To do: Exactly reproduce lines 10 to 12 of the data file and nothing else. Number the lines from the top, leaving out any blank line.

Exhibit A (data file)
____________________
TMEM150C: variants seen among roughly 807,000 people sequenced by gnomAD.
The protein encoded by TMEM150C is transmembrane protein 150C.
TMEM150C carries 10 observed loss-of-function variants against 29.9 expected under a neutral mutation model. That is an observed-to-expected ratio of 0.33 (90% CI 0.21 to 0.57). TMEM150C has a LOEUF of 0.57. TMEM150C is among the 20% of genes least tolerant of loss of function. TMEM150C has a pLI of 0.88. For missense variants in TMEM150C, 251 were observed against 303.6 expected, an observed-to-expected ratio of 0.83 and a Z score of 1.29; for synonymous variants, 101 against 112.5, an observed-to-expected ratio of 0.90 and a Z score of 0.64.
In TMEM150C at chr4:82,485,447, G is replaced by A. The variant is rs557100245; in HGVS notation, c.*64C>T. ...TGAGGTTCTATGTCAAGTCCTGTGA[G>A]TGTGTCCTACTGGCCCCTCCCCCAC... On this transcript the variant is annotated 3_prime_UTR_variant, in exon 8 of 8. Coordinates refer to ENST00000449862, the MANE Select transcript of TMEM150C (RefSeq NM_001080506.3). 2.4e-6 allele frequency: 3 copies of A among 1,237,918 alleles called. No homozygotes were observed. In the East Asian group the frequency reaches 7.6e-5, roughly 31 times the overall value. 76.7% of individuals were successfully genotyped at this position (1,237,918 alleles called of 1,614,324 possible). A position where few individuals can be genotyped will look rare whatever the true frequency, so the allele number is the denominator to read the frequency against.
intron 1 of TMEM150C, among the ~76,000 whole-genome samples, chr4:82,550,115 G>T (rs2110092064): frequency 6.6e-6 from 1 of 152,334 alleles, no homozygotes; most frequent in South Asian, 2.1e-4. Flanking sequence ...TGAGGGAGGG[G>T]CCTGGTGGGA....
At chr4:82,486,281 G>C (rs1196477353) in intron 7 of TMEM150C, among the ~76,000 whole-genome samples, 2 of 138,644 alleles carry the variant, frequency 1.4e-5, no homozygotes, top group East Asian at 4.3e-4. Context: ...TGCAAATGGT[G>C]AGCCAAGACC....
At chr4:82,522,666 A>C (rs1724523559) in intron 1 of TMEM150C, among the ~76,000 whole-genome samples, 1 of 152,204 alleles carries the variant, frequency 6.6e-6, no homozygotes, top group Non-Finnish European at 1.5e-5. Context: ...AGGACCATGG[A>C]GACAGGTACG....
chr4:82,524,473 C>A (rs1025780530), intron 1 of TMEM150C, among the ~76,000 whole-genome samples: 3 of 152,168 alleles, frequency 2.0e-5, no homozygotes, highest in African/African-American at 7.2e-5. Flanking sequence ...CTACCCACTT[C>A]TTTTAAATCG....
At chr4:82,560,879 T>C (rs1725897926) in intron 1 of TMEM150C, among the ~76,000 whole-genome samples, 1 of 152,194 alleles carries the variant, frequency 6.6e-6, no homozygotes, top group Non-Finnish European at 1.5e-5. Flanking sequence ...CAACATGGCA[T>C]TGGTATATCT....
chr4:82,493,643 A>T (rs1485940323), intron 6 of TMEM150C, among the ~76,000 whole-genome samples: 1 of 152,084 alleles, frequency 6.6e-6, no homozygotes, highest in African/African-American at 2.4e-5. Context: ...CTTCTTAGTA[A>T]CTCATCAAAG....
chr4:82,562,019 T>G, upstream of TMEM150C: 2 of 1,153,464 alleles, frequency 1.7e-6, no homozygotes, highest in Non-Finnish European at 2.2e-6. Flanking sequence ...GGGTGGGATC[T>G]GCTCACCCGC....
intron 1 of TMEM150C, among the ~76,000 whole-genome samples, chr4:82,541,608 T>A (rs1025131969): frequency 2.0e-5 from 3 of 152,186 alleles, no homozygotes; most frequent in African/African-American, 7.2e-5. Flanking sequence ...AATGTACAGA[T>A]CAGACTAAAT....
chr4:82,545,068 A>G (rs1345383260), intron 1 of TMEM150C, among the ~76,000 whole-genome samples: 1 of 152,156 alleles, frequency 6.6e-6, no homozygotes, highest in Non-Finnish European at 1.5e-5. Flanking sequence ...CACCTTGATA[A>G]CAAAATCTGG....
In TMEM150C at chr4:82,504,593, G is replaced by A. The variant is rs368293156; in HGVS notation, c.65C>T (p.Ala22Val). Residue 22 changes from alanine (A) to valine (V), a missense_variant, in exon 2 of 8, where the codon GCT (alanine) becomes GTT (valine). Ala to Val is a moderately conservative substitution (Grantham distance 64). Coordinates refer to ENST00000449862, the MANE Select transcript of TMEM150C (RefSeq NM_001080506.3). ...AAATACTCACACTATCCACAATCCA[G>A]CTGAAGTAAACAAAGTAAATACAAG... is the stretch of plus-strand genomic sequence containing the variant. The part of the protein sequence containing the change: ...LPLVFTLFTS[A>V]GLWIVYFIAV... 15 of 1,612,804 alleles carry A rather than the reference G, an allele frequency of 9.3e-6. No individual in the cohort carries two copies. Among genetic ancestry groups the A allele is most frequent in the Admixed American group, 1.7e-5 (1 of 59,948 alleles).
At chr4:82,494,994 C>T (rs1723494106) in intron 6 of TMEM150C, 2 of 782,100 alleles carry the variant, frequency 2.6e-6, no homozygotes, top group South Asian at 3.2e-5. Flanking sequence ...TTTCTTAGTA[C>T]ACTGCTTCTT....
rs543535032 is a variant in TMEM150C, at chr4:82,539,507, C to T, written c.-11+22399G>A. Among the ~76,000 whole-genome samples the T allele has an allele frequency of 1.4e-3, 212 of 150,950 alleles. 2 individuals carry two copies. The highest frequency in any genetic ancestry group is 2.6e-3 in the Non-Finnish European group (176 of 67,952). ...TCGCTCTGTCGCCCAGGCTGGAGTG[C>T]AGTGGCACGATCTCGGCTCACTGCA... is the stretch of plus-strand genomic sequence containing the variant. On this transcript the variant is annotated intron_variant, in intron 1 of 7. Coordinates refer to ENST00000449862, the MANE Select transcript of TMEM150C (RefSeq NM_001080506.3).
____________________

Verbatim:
chr4:82,493,643 A>T (rs1485940323), intron 6 of TMEM150C, among the ~76,000 whole-genome samples: 1 of 152,084 alleles, frequency 6.6e-6, no homozygotes, highest in African/African-American at 2.4e-5. Context: ...CTTCTTAGTA[A>T]CTCATCAAAG....
chr4:82,562,019 T>G, upstream of TMEM150C: 2 of 1,153,464 alleles, frequency 1.7e-6, no homozygotes, highest in Non-Finnish European at 2.2e-6. Flanking sequence ...GGGTGGGATC[T>G]GCTCACCCGC....
intron 1 of TMEM150C, among the ~76,000 whole-genome samples, chr4:82,541,608 T>A (rs1025131969): frequency 2.0e-5 from 3 of 152,186 alleles, no homozygotes; most frequent in African/African-American, 7.2e-5. Flanking sequence ...AATGTACAGA[T>A]CAGACTAAAT....